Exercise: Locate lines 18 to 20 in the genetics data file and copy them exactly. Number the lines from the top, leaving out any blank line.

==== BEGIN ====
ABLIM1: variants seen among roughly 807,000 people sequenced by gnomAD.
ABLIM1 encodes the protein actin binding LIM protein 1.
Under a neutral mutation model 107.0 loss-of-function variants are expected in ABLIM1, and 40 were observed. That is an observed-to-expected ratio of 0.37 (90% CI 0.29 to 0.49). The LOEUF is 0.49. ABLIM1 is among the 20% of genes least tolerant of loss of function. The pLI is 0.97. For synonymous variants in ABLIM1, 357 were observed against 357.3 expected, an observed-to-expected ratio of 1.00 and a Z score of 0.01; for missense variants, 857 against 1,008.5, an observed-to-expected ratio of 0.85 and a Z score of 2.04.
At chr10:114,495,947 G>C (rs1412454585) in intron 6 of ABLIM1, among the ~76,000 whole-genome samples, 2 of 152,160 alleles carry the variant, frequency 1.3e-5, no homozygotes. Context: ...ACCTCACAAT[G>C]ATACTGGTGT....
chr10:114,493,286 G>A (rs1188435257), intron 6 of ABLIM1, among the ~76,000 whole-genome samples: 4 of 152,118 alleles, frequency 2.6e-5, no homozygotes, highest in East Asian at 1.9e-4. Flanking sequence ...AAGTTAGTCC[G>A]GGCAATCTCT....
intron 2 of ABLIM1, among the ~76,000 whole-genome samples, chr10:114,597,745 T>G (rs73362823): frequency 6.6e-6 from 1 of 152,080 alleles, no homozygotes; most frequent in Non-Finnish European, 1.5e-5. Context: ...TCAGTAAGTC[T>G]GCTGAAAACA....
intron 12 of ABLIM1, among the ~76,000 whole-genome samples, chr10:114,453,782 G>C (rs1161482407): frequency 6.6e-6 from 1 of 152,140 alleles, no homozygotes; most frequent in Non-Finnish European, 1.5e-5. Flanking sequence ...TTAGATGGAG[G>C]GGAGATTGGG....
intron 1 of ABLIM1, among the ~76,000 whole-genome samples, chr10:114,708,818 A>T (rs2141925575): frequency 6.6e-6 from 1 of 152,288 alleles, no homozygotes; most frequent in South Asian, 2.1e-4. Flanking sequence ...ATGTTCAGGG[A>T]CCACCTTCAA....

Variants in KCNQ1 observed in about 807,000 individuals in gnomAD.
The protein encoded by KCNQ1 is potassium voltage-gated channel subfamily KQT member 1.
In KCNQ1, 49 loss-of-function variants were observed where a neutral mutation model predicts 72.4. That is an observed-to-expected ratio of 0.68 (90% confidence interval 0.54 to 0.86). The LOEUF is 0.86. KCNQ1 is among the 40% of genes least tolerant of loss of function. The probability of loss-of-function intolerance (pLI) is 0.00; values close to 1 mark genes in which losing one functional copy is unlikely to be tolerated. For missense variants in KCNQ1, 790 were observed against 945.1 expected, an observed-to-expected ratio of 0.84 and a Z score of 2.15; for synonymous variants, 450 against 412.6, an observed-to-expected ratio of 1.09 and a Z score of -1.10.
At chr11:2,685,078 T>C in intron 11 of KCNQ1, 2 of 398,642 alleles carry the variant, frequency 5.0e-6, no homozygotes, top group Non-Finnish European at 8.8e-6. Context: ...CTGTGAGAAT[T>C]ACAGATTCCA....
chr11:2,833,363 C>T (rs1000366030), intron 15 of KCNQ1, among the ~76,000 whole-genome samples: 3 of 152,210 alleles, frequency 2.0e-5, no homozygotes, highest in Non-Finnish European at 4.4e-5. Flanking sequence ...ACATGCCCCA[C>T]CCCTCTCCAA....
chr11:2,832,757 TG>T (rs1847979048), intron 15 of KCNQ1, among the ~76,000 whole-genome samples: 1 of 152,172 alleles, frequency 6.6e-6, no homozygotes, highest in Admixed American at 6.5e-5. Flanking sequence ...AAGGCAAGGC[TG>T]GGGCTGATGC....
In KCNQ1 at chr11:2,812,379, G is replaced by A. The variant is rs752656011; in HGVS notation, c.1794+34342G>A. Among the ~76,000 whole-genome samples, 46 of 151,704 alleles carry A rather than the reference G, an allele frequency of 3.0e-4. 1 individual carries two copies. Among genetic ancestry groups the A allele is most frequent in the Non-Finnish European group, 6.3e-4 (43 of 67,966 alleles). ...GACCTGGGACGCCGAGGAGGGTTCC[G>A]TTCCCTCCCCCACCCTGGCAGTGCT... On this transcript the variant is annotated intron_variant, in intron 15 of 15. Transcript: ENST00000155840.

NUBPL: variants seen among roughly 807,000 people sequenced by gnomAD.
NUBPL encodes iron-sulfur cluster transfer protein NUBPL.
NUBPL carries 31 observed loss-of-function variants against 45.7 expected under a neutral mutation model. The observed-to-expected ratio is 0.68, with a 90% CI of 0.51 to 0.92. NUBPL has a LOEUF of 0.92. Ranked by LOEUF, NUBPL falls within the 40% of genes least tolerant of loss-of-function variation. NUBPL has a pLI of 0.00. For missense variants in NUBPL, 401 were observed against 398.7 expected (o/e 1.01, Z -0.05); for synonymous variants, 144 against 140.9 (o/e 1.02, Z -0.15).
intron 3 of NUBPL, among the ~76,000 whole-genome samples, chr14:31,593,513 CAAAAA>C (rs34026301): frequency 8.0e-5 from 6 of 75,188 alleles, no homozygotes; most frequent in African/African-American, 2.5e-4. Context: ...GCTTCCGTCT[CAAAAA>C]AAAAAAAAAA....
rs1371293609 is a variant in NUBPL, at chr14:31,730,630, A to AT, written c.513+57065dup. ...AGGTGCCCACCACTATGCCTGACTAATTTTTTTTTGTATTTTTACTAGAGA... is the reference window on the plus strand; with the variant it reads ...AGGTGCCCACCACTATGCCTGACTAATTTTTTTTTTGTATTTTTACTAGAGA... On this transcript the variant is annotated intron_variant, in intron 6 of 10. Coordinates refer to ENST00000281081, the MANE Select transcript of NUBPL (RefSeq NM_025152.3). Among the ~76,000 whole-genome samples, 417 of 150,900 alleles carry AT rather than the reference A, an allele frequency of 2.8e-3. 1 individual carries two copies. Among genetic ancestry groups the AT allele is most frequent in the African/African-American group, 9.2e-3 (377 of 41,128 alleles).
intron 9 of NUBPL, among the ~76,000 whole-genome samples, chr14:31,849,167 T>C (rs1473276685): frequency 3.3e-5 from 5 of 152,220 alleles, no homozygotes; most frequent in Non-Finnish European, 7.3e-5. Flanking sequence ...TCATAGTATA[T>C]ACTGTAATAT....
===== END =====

NUBPL carries 31 observed loss-of-function variants against 45.7 expected under a neutral mutation model. The observed-to-expected ratio is 0.68, with a 90% CI of 0.51 to 0.92. NUBPL has a LOEUF of 0.92. Ranked by LOEUF, NUBPL falls within the 40% of genes least tolerant of loss-of-function variation. NUBPL has a pLI of 0.00. For missense variants in NUBPL, 401 were observed against 398.7 expected (o/e 1.01, Z -0.05); for synonymous variants, 144 against 140.9 (o/e 1.02, Z -0.15).
intron 3 of NUBPL, among the ~76,000 whole-genome samples, chr14:31,593,513 CAAAAA>C (rs34026301): frequency 8.0e-5 from 6 of 75,188 alleles, no homozygotes; most frequent in African/African-American, 2.5e-4. Context: ...GCTTCCGTCT[CAAAAA>C]AAAAAAAAAA....
rs1371293609 is a variant in NUBPL, at chr14:31,730,630, A to AT, written c.513+57065dup. ...AGGTGCCCACCACTATGCCTGACTAATTTTTTTTTGTATTTTTACTAGAGA... is the reference window on the plus strand; with the variant it reads ...AGGTGCCCACCACTATGCCTGACTAATTTTTTTTTTGTATTTTTACTAGAGA... On this transcript the variant is annotated intron_variant, in intron 6 of 10. Coordinates refer to ENST00000281081, the MANE Select transcript of NUBPL (RefSeq NM_025152.3). Among the ~76,000 whole-genome samples, 417 of 150,900 alleles carry AT rather than the reference A, an allele frequency of 2.8e-3. 1 individual carries two copies. Among genetic ancestry groups the AT allele is most frequent in the African/African-American group, 9.2e-3 (377 of 41,128 alleles).